|Year : 2018 | Volume
| Issue : 10 | Page : 1317-1322
The effectiveness of erbium: Yttrium–aluminum–garnet laser on enamel conditioning: An In vitro study
D Odabasi1, E Oruc2, G Duruk2
1 Department of Pedodontics, Faculty of Dentistry, Ordu University, Ordu, Turkey
2 Department of Pedodontics, Faculty of Dentistry, Inonu University, Malatya, Turkey
|Date of Acceptance||20-May-2018|
|Date of Web Publication||8-Oct-2018|
Dr. D Odabasi
Department of Pedodontics, Faculty of Dentistry, Ordu University, 25240, Ordu
Source of Support: None, Conflict of Interest: None
| Abstract|| |
Objectives: The purpose of this in vitro study was to investigate the effect of three different enamel surface conditioning procedures on the bonding strength of two resin-based filled fissure sealants. Material and Methods: Freshly extracted, 48 third molar teeth were used in this study. Teeth were randomly divided into three main groups as the phosphoric acid etched, erbium: Yttrium–aluminum–garnet (ER: YAG) laser etched, and the phosphoric acid plus ER: YAG laser-etched groups. The main groups further divided into two subgroups as Clinpro or Fissurit FX applied. After preparation of the enamel surfaces and application of the sealants, the samples were subjected to shear bond strength test. Results: According to statistical analysis with one-way ANOVA, the bonding strength values of the phosphoric acid groups were found significantly higher than those values obtained from the ER: YAG laser and ER: YAG laser plus phosphoric acid groups (P < 0.001). Conclusion: As a result of the study, it has been concluded that the laser application alone has no additional benefit to the acid application in terms of bonding strength.
Keywords: Bonding strength, laser, pit and fissure sealant
|How to cite this article:|
Odabasi D, Oruc E, Duruk G. The effectiveness of erbium: Yttrium–aluminum–garnet laser on enamel conditioning: An In vitro study. Niger J Clin Pract 2018;21:1317-22
|How to cite this URL:|
Odabasi D, Oruc E, Duruk G. The effectiveness of erbium: Yttrium–aluminum–garnet laser on enamel conditioning: An In vitro study. Niger J Clin Pract [serial online] 2018 [cited 2020 May 27];21:1317-22. Available from: http://www.njcponline.com/text.asp?2018/21/10/1317/242832
| Introduction|| |
The anatomy of pits and fissures, which provide shelter for microorganisms, prevents adequate plaque control, and cause unsatisfactory hygiene on the occlusal surfaces. These make the posterior teeth vulnerable to carious lesions., Despite the advances in the preventive measures, caries is still the most common chronic childhood disease in pediatric dentistry., It was reported that about 90% of carious lesions originate from pits and fissures in the occlusal surfaces of the posterior teeth. Fissure sealants are considered as a preventive strategy to decrease the occurrence and/or progression of caries originating from the occlusal surfaces., The success of the fissure sealant is strongly associated with biocompatibility, abrasion resistance, and as well as the retention of the sealant. Marković et al. noted that the success of fissure sealant is closely related with the bonding strength of the sealant to the enamel surface.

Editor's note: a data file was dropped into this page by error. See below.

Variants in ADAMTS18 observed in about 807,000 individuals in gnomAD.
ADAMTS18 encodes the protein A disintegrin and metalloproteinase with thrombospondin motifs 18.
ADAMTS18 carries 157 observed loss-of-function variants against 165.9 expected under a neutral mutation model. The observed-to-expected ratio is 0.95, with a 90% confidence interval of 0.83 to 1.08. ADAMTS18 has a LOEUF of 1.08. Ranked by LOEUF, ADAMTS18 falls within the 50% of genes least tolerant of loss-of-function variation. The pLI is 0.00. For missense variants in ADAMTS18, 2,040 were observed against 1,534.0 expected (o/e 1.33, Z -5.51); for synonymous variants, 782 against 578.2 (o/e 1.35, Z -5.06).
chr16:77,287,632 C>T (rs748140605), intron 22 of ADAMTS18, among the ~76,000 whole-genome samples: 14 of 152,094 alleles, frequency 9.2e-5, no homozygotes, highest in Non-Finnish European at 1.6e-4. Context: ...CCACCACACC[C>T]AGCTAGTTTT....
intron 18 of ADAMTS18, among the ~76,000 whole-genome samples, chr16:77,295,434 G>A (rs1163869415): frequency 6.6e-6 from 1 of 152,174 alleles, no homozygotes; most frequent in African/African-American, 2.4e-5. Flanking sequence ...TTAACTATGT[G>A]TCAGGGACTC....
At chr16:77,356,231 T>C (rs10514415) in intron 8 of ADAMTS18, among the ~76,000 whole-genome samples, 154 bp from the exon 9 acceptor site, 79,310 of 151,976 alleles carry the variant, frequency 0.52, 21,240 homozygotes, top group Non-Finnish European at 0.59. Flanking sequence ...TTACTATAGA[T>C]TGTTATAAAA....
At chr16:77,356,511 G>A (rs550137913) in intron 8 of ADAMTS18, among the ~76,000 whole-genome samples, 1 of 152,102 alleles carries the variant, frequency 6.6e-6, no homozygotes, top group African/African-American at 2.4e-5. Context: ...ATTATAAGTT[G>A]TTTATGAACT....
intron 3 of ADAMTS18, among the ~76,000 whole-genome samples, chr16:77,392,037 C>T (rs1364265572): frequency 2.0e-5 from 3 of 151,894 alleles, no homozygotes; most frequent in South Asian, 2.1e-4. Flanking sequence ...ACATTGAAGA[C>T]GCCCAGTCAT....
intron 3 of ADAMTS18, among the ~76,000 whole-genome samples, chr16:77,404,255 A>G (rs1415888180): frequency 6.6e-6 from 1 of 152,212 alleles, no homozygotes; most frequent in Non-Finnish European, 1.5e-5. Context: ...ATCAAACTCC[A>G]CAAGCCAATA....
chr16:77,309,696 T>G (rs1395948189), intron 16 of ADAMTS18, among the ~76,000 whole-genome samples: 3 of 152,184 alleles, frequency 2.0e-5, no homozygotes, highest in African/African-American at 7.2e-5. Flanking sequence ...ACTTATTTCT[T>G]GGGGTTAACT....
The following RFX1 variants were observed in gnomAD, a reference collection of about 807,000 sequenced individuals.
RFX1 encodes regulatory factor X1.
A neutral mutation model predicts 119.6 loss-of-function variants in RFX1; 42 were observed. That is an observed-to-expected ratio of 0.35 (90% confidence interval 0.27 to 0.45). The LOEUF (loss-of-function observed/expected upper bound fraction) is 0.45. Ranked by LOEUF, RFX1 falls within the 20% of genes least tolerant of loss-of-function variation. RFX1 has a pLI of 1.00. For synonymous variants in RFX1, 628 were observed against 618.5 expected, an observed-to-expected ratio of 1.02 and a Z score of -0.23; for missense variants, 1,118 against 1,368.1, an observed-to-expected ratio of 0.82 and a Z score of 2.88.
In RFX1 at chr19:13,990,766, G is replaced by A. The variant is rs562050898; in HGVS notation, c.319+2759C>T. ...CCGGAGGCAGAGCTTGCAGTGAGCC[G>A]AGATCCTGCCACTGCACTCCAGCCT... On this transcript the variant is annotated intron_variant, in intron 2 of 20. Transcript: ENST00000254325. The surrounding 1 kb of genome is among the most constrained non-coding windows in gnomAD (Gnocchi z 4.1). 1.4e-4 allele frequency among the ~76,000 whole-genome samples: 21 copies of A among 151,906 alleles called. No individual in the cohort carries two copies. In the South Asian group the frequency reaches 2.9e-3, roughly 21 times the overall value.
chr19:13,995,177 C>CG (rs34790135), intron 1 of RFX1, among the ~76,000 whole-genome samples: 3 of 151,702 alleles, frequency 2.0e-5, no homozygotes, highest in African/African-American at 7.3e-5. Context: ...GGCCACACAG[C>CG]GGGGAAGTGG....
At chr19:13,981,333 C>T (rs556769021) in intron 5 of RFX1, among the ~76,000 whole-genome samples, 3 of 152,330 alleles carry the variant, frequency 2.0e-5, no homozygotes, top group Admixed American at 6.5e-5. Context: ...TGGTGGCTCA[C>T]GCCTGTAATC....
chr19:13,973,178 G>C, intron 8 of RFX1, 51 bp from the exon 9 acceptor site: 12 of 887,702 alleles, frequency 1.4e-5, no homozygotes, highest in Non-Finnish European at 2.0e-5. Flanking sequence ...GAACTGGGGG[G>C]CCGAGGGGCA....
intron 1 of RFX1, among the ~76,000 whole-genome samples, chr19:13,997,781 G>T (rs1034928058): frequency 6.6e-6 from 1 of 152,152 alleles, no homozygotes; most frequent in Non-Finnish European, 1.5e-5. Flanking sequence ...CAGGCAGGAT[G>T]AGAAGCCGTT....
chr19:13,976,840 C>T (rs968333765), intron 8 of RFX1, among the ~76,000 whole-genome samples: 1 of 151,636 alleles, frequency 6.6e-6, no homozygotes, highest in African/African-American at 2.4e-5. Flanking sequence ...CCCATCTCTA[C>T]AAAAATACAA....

Acid etching is considered as the standard protocol in removing the smear layer to provide successful bonding. This protocol performed by the application of an etchant such as citric acid, phosphoric acid, or maleic acid to isolate the tooth surface. Roughened surface creates with acid etching increases the mechanical retention and bonding strength of the dental materials., However, the removal of superficial enamel, formation of various etching depths, and high sensitivity to water or saliva contamination and demineralization which cause the enamel to be susceptible to caries cause unsatisfactory bonding procedure. Since these drawbacks of the acid etching jeopardize the bonding quality, alternative enamel conditioning protocols which can create more satisfactory results is needed.